One of my philosopher friends would argue: How about a fourth marriage, then? Better still! And a fifth! Well, there’s a practical limit to human resilience. You love a second child as much as the first; a new career revives you, and so does exotic travel; but most of us don’t pursue those goods endlessly. And most long-term love relationships go through phases of enchantment, disenchantment, and re-enchantment: It’s not required and probably not recommended that one change partners to appreciate what I’m trying to describe.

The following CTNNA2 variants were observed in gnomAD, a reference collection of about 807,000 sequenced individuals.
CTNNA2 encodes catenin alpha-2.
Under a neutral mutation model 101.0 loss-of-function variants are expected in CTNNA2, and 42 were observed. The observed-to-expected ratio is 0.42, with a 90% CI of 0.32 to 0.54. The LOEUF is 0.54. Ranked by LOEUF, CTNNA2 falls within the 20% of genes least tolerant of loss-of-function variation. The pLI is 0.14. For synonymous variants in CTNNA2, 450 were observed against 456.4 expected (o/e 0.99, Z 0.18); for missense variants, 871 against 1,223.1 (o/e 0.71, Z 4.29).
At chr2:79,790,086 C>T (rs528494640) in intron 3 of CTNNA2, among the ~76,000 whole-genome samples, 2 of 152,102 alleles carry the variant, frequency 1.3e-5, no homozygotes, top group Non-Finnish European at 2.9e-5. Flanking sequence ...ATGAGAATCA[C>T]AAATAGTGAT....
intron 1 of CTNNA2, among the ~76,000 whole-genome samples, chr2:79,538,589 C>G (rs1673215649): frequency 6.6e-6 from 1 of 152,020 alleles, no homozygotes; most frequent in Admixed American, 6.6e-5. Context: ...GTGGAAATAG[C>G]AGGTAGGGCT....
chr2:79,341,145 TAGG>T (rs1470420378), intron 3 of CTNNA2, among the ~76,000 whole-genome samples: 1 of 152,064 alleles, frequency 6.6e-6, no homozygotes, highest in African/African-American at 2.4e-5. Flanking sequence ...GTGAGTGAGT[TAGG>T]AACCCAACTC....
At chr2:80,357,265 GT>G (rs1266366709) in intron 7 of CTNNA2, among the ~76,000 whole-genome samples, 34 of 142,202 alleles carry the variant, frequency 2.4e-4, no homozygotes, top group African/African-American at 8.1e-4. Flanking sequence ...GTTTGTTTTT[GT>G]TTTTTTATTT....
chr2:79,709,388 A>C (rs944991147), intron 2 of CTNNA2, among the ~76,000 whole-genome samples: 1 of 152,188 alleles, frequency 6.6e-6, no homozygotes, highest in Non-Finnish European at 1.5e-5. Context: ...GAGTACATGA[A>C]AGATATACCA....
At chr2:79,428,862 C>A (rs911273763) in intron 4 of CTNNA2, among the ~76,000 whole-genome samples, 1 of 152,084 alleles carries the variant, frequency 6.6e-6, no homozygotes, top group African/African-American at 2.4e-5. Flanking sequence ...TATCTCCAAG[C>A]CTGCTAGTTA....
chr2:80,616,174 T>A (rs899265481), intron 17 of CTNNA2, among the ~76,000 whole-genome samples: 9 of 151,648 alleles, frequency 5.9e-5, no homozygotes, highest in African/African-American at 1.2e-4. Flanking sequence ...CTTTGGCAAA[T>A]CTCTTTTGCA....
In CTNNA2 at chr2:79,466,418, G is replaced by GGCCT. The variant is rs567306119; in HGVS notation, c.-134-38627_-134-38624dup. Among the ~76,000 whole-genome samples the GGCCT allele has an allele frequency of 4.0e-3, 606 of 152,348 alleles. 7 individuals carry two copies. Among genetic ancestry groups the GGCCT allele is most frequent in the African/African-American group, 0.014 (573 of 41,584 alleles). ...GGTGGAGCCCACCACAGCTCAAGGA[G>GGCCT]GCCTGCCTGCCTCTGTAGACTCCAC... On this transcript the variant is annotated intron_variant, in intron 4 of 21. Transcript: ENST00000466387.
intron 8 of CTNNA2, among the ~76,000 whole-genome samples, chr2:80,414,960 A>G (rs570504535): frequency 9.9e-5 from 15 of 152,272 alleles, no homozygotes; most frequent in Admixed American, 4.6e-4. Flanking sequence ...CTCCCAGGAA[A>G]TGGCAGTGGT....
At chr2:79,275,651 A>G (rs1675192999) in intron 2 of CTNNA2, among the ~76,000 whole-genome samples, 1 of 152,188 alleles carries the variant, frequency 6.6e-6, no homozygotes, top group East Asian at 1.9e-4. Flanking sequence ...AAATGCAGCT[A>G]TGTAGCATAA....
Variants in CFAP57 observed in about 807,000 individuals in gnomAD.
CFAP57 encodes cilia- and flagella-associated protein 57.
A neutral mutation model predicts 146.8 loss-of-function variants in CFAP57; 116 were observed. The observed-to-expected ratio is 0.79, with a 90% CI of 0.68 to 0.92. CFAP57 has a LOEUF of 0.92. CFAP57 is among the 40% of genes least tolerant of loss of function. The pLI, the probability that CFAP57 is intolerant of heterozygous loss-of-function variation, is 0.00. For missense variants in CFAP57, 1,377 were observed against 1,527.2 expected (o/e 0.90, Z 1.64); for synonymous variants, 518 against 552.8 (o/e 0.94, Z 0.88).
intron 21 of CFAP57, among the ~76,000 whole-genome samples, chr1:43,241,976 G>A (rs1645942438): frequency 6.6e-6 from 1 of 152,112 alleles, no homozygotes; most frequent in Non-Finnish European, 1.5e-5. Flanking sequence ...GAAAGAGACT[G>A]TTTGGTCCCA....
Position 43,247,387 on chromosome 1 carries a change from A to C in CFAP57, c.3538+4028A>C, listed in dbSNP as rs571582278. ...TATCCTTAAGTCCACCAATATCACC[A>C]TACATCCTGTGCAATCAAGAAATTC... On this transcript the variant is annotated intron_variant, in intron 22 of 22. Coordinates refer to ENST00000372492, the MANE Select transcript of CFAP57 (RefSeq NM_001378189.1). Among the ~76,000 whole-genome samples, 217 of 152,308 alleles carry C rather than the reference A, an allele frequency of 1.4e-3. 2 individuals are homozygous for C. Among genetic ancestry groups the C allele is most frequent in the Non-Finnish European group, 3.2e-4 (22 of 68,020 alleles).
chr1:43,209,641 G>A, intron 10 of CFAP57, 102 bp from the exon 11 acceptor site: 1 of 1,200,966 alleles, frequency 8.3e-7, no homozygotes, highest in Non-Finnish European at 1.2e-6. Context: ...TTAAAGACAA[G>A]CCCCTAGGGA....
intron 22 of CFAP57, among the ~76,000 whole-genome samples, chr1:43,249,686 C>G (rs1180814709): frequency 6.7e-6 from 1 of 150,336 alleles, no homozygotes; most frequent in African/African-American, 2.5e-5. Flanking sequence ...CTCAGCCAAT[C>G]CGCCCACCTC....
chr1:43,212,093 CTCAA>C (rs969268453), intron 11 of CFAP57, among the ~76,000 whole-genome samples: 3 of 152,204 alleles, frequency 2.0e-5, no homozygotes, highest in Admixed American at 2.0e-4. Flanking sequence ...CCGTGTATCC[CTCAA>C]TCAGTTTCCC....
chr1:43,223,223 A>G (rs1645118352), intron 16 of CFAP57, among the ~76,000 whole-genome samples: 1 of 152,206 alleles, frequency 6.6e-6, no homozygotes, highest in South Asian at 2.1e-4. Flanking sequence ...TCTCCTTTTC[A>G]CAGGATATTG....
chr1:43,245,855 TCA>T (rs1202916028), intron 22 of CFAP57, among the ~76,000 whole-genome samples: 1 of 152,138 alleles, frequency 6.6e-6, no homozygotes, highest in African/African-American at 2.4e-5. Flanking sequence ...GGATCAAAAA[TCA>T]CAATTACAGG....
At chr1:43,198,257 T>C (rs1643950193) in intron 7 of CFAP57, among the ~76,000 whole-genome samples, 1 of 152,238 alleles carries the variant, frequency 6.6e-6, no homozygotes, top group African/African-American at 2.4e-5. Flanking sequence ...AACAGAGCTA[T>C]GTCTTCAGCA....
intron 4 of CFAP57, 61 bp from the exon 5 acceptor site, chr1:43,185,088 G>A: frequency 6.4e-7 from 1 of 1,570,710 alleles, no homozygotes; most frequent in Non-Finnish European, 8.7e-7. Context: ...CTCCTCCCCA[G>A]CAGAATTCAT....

The truth is, there’s not just one best mate out there waiting for us. If we allow that love relies not just on luck but also on our own ability to choose our partners and creatively apply our minds to romantically loving well, then there might be many potential lifelong mates who can fulfill us. And so we might need to search for re-enchantment following a disenchantment in love. The term "codependent" has gone out of style, and it is not fashionable to suggest that I am "more me" when I am with someone else. But what if it’s simply true that—to quote from my list (No. 4)—"I am at my best when I am sharing my life with someone with whom I am deeply in love?"